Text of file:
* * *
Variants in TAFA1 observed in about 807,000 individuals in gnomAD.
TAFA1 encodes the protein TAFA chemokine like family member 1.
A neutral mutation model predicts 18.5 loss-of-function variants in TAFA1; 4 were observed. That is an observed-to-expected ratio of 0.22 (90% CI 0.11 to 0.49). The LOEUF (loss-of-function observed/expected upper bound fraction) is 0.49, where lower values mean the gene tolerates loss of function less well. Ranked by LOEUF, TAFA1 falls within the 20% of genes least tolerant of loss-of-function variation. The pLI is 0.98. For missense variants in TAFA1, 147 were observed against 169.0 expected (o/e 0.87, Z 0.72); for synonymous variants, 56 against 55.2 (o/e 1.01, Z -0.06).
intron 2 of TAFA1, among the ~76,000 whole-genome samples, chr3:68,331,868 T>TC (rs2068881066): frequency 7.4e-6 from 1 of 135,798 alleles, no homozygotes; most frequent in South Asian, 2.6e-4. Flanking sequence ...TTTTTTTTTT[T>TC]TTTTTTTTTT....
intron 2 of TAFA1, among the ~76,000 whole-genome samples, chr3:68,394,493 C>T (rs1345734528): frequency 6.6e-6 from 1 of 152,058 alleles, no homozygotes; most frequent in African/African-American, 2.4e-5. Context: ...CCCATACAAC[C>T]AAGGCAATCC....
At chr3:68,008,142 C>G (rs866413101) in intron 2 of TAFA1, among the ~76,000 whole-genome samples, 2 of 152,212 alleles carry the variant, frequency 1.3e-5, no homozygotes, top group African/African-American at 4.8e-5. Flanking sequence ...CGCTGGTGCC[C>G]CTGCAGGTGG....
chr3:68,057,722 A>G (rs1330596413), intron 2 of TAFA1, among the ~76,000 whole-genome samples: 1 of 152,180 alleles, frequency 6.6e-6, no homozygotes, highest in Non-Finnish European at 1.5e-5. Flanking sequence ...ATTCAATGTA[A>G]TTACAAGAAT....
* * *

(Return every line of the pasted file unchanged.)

Variants in TAFA1 observed in about 807,000 individuals in gnomAD.
TAFA1 encodes the protein TAFA chemokine like family member 1.
A neutral mutation model predicts 18.5 loss-of-function variants in TAFA1; 4 were observed. That is an observed-to-expected ratio of 0.22 (90% CI 0.11 to 0.49). The LOEUF (loss-of-function observed/expected upper bound fraction) is 0.49, where lower values mean the gene tolerates loss of function less well. Ranked by LOEUF, TAFA1 falls within the 20% of genes least tolerant of loss-of-function variation. The pLI is 0.98. For missense variants in TAFA1, 147 were observed against 169.0 expected (o/e 0.87, Z 0.72); for synonymous variants, 56 against 55.2 (o/e 1.01, Z -0.06).
intron 2 of TAFA1, among the ~76,000 whole-genome samples, chr3:68,331,868 T>TC (rs2068881066): frequency 7.4e-6 from 1 of 135,798 alleles, no homozygotes; most frequent in South Asian, 2.6e-4. Flanking sequence ...TTTTTTTTTT[T>TC]TTTTTTTTTT....
intron 2 of TAFA1, among the ~76,000 whole-genome samples, chr3:68,394,493 C>T (rs1345734528): frequency 6.6e-6 from 1 of 152,058 alleles, no homozygotes; most frequent in African/African-American, 2.4e-5. Context: ...CCCATACAAC[C>T]AAGGCAATCC....
At chr3:68,008,142 C>G (rs866413101) in intron 2 of TAFA1, among the ~76,000 whole-genome samples, 2 of 152,212 alleles carry the variant, frequency 1.3e-5, no homozygotes, top group African/African-American at 4.8e-5. Flanking sequence ...CGCTGGTGCC[C>G]CTGCAGGTGG....
chr3:68,057,722 A>G (rs1330596413), intron 2 of TAFA1, among the ~76,000 whole-genome samples: 1 of 152,180 alleles, frequency 6.6e-6, no homozygotes, highest in Non-Finnish European at 1.5e-5. Flanking sequence ...ATTCAATGTA[A>G]TTACAAGAAT....